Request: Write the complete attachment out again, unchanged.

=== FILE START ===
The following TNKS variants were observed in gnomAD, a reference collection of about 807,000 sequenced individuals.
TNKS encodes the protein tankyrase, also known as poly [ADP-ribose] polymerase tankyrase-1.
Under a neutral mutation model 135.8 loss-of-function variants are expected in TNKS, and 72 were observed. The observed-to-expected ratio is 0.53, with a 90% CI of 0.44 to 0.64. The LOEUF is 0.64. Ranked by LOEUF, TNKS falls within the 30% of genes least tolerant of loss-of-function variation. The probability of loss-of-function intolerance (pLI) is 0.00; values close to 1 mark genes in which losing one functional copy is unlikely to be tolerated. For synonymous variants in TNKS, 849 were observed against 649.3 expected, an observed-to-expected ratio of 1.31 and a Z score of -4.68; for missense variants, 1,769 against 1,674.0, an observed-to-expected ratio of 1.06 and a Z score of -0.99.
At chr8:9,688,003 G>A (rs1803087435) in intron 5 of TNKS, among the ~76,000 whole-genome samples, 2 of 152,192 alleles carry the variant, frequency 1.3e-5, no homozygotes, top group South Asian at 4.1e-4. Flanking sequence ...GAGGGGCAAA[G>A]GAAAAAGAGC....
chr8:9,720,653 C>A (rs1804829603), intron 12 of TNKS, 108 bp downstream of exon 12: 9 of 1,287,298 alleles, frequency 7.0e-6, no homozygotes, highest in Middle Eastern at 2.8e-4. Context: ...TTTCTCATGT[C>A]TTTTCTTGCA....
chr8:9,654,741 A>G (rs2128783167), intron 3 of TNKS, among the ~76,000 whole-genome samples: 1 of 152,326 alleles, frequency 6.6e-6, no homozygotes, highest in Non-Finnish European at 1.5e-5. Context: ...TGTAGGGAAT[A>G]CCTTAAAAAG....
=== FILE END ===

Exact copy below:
The following TNKS variants were observed in gnomAD, a reference collection of about 807,000 sequenced individuals.
TNKS encodes the protein tankyrase, also known as poly [ADP-ribose] polymerase tankyrase-1.
Under a neutral mutation model 135.8 loss-of-function variants are expected in TNKS, and 72 were observed. The observed-to-expected ratio is 0.53, with a 90% CI of 0.44 to 0.64. The LOEUF is 0.64. Ranked by LOEUF, TNKS falls within the 30% of genes least tolerant of loss-of-function variation. The probability of loss-of-function intolerance (pLI) is 0.00; values close to 1 mark genes in which losing one functional copy is unlikely to be tolerated. For synonymous variants in TNKS, 849 were observed against 649.3 expected, an observed-to-expected ratio of 1.31 and a Z score of -4.68; for missense variants, 1,769 against 1,674.0, an observed-to-expected ratio of 1.06 and a Z score of -0.99.
At chr8:9,688,003 G>A (rs1803087435) in intron 5 of TNKS, among the ~76,000 whole-genome samples, 2 of 152,192 alleles carry the variant, frequency 1.3e-5, no homozygotes, top group South Asian at 4.1e-4. Flanking sequence ...GAGGGGCAAA[G>A]GAAAAAGAGC....
chr8:9,720,653 C>A (rs1804829603), intron 12 of TNKS, 108 bp downstream of exon 12: 9 of 1,287,298 alleles, frequency 7.0e-6, no homozygotes, highest in Middle Eastern at 2.8e-4. Context: ...TTTCTCATGT[C>A]TTTTCTTGCA....
chr8:9,654,741 A>G (rs2128783167), intron 3 of TNKS, among the ~76,000 whole-genome samples: 1 of 152,326 alleles, frequency 6.6e-6, no homozygotes, highest in Non-Finnish European at 1.5e-5. Context: ...TGTAGGGAAT[A>G]CCTTAAAAAG....